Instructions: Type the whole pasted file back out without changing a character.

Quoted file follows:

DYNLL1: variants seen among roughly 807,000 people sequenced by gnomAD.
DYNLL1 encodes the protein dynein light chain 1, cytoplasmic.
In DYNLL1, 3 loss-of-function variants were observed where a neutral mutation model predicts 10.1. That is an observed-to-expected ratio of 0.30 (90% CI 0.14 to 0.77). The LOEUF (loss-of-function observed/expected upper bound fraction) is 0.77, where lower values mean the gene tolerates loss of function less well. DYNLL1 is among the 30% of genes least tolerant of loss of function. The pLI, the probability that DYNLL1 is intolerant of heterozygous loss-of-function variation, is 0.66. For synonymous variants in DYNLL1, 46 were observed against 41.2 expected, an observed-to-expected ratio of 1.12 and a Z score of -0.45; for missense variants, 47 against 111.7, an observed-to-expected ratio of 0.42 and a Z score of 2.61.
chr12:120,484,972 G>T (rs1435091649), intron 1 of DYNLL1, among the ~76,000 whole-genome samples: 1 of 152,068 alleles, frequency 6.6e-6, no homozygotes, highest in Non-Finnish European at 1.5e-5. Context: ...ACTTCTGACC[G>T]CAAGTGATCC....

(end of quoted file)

DYNLL1: variants seen among roughly 807,000 people sequenced by gnomAD.
DYNLL1 encodes the protein dynein light chain 1, cytoplasmic.
In DYNLL1, 3 loss-of-function variants were observed where a neutral mutation model predicts 10.1. That is an observed-to-expected ratio of 0.30 (90% CI 0.14 to 0.77). The LOEUF (loss-of-function observed/expected upper bound fraction) is 0.77, where lower values mean the gene tolerates loss of function less well. DYNLL1 is among the 30% of genes least tolerant of loss of function. The pLI, the probability that DYNLL1 is intolerant of heterozygous loss-of-function variation, is 0.66. For synonymous variants in DYNLL1, 46 were observed against 41.2 expected, an observed-to-expected ratio of 1.12 and a Z score of -0.45; for missense variants, 47 against 111.7, an observed-to-expected ratio of 0.42 and a Z score of 2.61.
chr12:120,484,972 G>T (rs1435091649), intron 1 of DYNLL1, among the ~76,000 whole-genome samples: 1 of 152,068 alleles, frequency 6.6e-6, no homozygotes, highest in Non-Finnish European at 1.5e-5. Context: ...ACTTCTGACC[G>T]CAAGTGATCC....